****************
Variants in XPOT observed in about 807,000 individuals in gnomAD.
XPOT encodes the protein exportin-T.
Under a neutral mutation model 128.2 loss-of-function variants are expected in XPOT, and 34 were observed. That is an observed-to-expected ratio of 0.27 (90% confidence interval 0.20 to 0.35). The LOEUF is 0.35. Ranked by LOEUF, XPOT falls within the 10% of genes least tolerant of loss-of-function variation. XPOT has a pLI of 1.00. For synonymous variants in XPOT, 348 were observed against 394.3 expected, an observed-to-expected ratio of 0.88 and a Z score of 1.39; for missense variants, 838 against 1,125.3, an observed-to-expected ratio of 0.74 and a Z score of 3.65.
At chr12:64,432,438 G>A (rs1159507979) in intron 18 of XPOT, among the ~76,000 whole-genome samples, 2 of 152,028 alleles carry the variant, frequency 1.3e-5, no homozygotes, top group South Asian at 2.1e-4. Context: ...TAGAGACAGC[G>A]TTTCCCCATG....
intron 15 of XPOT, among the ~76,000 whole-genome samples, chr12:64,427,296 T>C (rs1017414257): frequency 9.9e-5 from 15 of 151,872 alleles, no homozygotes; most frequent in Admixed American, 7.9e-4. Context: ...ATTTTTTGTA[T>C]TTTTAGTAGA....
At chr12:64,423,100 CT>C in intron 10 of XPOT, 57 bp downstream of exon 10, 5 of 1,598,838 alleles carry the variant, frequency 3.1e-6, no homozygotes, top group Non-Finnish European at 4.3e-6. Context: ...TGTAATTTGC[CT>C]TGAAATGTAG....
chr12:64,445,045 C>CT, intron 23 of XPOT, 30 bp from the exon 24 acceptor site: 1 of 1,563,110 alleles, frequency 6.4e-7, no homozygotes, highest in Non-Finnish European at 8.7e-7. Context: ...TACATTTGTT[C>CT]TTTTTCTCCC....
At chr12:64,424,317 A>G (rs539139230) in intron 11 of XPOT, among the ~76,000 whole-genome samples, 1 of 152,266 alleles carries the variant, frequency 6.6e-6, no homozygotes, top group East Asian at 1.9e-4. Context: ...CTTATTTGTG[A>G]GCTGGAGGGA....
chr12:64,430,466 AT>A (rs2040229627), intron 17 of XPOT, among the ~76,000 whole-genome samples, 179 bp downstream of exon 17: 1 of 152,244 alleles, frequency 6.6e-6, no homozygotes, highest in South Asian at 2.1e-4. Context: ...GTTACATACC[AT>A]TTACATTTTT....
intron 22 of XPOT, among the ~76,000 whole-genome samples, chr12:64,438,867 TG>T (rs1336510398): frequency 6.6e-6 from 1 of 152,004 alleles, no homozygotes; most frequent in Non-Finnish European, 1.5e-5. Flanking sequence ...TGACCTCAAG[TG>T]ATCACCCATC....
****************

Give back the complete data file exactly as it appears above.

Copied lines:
Variants in XPOT observed in about 807,000 individuals in gnomAD.
XPOT encodes the protein exportin-T.
Under a neutral mutation model 128.2 loss-of-function variants are expected in XPOT, and 34 were observed. That is an observed-to-expected ratio of 0.27 (90% confidence interval 0.20 to 0.35). The LOEUF is 0.35. Ranked by LOEUF, XPOT falls within the 10% of genes least tolerant of loss-of-function variation. XPOT has a pLI of 1.00. For synonymous variants in XPOT, 348 were observed against 394.3 expected, an observed-to-expected ratio of 0.88 and a Z score of 1.39; for missense variants, 838 against 1,125.3, an observed-to-expected ratio of 0.74 and a Z score of 3.65.
At chr12:64,432,438 G>A (rs1159507979) in intron 18 of XPOT, among the ~76,000 whole-genome samples, 2 of 152,028 alleles carry the variant, frequency 1.3e-5, no homozygotes, top group South Asian at 2.1e-4. Context: ...TAGAGACAGC[G>A]TTTCCCCATG....
intron 15 of XPOT, among the ~76,000 whole-genome samples, chr12:64,427,296 T>C (rs1017414257): frequency 9.9e-5 from 15 of 151,872 alleles, no homozygotes; most frequent in Admixed American, 7.9e-4. Context: ...ATTTTTTGTA[T>C]TTTTAGTAGA....
At chr12:64,423,100 CT>C in intron 10 of XPOT, 57 bp downstream of exon 10, 5 of 1,598,838 alleles carry the variant, frequency 3.1e-6, no homozygotes, top group Non-Finnish European at 4.3e-6. Context: ...TGTAATTTGC[CT>C]TGAAATGTAG....
chr12:64,445,045 C>CT, intron 23 of XPOT, 30 bp from the exon 24 acceptor site: 1 of 1,563,110 alleles, frequency 6.4e-7, no homozygotes, highest in Non-Finnish European at 8.7e-7. Context: ...TACATTTGTT[C>CT]TTTTTCTCCC....
At chr12:64,424,317 A>G (rs539139230) in intron 11 of XPOT, among the ~76,000 whole-genome samples, 1 of 152,266 alleles carries the variant, frequency 6.6e-6, no homozygotes, top group East Asian at 1.9e-4. Context: ...CTTATTTGTG[A>G]GCTGGAGGGA....
chr12:64,430,466 AT>A (rs2040229627), intron 17 of XPOT, among the ~76,000 whole-genome samples, 179 bp downstream of exon 17: 1 of 152,244 alleles, frequency 6.6e-6, no homozygotes, highest in South Asian at 2.1e-4. Context: ...GTTACATACC[AT>A]TTACATTTTT....
intron 22 of XPOT, among the ~76,000 whole-genome samples, chr12:64,438,867 TG>T (rs1336510398): frequency 6.6e-6 from 1 of 152,004 alleles, no homozygotes; most frequent in Non-Finnish European, 1.5e-5. Flanking sequence ...TGACCTCAAG[TG>T]ATCACCCATC....